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Title: Soil stabilization for dunes fixation using microbially induced calcium carbonate precipitation
Authors: Naeimi, Maryam
Chu, Jian
Khosroshahi, Mohammad
Zenouzi, Leila Kashi
Keywords: Engineering::Environmental engineering
Issue Date: 2023
Source: Naeimi, M., Chu, J., Khosroshahi, M. & Zenouzi, L. K. (2023). Soil stabilization for dunes fixation using microbially induced calcium carbonate precipitation. Geoderma, 429, 116183-.
Journal: Geoderma 
Abstract: Climate change and desertification caused increases in sandstorms and sand movements due to the erosive force of the wind. Wind erosion is a phenomenon depending on the climatic components and surface roughness in arid and semi-arid regions responsible for health and economic loss. The phenomenon is controlled by increasing the resistance of soils using chemical, physical and biological methods. Due to the high cost and environmental issues of conventional techniques, the use of alternative green stabilization methods is inevitable. Therefore, in the present study, the effect of microbially induced calcium carbonate precipitation (MICP) on the fixation of in situ dunes in north-east of Iran was assessed. The cementation solution of 0.1–0.5 M was sprayed and evaluated after 7, 15, and 30 days. The MICP treated samples were exposed to wind tunnel for the variation of wind threshold detachment velocity (TDV) as well as other macro/micro evaluation such as unconfined compressive strength, seed germination, scanning electron microscope (SEM), and energy-dispersive X-ray spectroscope (EDX). The results suggested the critical impact of both geotechnical and geoenvironmental parameters for the selection of soil stabilizers on the fixation of dunes. It can be stated that the bio-crust formation with 0.3 M showed 123 kPa and no wind erosion potential after 30 days under the wind speed of 30 m/s. The results of the germination of H. persicum demonstrated that the contemporaneous of MICP treatment with native plants positively affect the TDV.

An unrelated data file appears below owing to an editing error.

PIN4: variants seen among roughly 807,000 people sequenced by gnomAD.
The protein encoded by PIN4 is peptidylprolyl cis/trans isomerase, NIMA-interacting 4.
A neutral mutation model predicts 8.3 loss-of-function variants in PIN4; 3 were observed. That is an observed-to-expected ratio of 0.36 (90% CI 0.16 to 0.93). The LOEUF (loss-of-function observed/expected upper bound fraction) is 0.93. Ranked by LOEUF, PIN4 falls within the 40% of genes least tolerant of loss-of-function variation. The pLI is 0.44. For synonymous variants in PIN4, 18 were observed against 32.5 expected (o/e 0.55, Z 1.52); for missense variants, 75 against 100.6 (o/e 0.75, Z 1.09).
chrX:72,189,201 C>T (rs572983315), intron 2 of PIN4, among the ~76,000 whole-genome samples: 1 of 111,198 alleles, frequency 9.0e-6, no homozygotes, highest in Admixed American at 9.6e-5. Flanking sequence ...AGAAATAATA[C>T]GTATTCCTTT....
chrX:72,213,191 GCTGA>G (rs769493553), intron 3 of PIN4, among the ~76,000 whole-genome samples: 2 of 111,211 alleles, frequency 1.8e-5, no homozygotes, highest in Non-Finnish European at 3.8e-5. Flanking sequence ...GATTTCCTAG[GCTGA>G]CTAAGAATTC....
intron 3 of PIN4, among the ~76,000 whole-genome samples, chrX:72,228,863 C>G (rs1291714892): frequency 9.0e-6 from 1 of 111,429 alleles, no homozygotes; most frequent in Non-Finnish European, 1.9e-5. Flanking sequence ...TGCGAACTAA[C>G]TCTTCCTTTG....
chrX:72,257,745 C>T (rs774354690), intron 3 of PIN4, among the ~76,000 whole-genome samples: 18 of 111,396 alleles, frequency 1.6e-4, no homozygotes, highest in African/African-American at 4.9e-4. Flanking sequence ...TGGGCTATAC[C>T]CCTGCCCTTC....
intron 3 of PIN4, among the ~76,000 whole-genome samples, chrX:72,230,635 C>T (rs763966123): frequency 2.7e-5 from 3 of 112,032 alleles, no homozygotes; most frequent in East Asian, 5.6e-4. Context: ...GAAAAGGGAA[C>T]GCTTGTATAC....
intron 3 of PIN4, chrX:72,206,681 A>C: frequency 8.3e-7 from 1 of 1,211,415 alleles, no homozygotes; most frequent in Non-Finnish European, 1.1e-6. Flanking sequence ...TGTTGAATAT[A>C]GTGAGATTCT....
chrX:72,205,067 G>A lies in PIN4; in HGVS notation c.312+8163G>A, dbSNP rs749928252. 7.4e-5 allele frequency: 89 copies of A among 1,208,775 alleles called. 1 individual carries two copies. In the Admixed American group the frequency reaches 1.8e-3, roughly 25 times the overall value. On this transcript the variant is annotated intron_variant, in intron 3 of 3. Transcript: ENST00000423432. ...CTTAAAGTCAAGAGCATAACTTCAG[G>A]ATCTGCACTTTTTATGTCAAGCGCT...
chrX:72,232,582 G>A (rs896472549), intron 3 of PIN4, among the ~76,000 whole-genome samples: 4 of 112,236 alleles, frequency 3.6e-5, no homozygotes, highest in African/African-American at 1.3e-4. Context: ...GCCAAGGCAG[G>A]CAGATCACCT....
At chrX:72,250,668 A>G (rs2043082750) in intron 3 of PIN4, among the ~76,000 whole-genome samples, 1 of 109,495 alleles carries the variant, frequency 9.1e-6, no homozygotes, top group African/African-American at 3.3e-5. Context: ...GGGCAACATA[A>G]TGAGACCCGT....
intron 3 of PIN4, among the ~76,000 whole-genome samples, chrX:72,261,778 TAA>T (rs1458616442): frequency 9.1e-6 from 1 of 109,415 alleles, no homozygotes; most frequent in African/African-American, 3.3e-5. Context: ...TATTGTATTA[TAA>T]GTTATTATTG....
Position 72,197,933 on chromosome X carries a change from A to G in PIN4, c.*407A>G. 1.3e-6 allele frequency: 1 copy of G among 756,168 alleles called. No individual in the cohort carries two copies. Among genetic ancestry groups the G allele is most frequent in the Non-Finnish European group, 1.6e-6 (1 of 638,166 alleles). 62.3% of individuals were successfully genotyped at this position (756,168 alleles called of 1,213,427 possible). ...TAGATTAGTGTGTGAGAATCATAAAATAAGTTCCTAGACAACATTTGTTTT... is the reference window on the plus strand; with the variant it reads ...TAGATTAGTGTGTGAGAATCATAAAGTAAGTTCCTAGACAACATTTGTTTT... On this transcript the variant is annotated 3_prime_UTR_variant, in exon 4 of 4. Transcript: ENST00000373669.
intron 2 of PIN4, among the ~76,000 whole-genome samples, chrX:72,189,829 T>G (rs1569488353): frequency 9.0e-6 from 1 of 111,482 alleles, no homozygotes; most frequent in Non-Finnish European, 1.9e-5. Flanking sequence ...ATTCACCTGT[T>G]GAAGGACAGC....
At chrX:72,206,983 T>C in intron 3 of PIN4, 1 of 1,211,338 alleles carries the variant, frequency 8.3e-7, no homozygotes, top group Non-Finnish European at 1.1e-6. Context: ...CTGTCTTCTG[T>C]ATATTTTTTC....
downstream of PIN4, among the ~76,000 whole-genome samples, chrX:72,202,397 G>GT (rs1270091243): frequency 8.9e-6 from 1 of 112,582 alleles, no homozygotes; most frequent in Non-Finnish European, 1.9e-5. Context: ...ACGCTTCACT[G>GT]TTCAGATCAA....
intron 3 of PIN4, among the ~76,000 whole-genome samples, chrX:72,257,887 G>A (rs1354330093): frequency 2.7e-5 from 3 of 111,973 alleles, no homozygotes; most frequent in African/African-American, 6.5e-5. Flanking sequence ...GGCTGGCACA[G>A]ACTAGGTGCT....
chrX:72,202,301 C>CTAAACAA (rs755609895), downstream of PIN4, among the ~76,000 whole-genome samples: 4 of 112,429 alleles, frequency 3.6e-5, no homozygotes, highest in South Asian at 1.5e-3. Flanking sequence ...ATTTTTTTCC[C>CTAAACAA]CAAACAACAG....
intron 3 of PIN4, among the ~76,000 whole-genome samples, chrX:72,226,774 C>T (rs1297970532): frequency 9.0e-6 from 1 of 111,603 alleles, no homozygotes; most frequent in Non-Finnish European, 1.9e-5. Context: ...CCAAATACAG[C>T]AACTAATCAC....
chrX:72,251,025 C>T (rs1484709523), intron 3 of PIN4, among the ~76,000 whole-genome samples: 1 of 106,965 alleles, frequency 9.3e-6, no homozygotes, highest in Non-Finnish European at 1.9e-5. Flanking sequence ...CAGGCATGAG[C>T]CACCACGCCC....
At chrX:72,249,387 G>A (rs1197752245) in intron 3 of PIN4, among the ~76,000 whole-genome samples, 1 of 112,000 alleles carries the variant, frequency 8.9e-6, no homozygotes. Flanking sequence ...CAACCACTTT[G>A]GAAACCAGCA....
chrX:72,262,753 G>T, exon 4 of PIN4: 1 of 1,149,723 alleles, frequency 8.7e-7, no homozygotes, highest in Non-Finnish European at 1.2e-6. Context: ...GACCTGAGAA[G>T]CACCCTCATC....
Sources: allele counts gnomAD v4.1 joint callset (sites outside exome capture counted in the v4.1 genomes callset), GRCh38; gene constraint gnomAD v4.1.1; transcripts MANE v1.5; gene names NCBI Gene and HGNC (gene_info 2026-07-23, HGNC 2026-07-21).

ISSN: 0016-7061
DOI: 10.1016/j.geoderma.2022.116183
Schools: School of Civil and Environmental Engineering 
Rights: © 2022 The Authors. Published by Elsevier B.V. This is an open access article under the CC BY-NC-ND license (
Fulltext Permission: open
Fulltext Availability: With Fulltext
Appears in Collections:CEE Journal Articles

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